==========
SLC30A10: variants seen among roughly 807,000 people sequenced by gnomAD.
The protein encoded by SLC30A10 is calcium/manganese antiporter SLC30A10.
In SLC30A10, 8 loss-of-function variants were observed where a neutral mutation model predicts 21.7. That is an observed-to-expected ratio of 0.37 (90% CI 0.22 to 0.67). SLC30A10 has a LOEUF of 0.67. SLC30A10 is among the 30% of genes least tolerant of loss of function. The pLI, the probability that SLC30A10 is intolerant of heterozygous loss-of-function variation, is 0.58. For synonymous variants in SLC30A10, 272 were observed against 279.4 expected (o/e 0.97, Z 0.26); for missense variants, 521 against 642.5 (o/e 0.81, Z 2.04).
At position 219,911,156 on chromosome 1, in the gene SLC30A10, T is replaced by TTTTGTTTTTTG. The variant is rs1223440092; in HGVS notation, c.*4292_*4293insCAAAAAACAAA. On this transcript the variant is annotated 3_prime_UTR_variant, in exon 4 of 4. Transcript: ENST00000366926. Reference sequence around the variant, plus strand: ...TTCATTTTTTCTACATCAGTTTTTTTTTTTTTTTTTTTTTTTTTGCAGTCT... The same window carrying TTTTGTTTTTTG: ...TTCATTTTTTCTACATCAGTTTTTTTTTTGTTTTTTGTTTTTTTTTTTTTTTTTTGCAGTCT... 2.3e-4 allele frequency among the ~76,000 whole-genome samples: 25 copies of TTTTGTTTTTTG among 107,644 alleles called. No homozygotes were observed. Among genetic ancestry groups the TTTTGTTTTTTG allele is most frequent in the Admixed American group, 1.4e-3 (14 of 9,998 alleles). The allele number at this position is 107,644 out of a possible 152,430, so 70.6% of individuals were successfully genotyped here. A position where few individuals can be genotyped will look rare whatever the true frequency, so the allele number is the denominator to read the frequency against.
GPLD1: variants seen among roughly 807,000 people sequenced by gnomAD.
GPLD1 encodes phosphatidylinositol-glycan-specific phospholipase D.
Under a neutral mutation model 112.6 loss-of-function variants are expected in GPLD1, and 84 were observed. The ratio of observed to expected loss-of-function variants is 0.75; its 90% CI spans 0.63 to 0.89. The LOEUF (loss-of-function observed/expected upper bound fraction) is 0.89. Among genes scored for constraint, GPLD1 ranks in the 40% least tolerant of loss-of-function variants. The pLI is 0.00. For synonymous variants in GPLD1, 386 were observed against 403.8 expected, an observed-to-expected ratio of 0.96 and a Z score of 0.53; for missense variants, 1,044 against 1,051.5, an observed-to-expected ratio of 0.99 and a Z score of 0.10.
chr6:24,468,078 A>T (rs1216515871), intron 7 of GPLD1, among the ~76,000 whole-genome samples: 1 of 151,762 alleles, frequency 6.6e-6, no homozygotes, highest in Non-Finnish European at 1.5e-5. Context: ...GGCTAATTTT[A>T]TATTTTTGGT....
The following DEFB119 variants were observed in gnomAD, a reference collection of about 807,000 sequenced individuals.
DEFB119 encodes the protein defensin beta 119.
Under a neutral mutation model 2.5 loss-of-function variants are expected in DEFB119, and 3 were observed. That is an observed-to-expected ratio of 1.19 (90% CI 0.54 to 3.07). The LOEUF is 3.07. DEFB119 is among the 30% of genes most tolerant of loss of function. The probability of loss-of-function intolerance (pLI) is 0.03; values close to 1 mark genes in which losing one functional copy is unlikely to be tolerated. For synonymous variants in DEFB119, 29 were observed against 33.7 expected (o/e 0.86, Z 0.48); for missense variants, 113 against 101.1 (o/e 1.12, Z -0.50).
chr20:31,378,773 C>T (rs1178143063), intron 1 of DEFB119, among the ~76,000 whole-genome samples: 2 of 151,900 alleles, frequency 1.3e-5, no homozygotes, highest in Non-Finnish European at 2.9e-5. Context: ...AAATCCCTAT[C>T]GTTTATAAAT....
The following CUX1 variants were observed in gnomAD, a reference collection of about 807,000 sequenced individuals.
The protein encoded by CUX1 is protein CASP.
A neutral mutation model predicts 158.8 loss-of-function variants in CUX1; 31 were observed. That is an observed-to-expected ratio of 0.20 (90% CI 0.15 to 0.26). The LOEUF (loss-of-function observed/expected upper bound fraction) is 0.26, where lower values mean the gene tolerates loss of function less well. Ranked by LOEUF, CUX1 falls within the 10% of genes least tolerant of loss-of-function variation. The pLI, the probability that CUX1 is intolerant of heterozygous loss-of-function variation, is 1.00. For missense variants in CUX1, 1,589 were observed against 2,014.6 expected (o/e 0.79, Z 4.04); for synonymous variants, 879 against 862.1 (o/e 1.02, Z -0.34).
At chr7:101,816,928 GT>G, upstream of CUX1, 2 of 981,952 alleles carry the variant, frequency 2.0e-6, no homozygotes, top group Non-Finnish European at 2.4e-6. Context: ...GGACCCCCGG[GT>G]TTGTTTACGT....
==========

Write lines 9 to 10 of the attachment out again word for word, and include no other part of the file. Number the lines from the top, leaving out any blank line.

The following DEFB119 variants were observed in gnomAD, a reference collection of about 807,000 sequenced individuals.
DEFB119 encodes the protein defensin beta 119.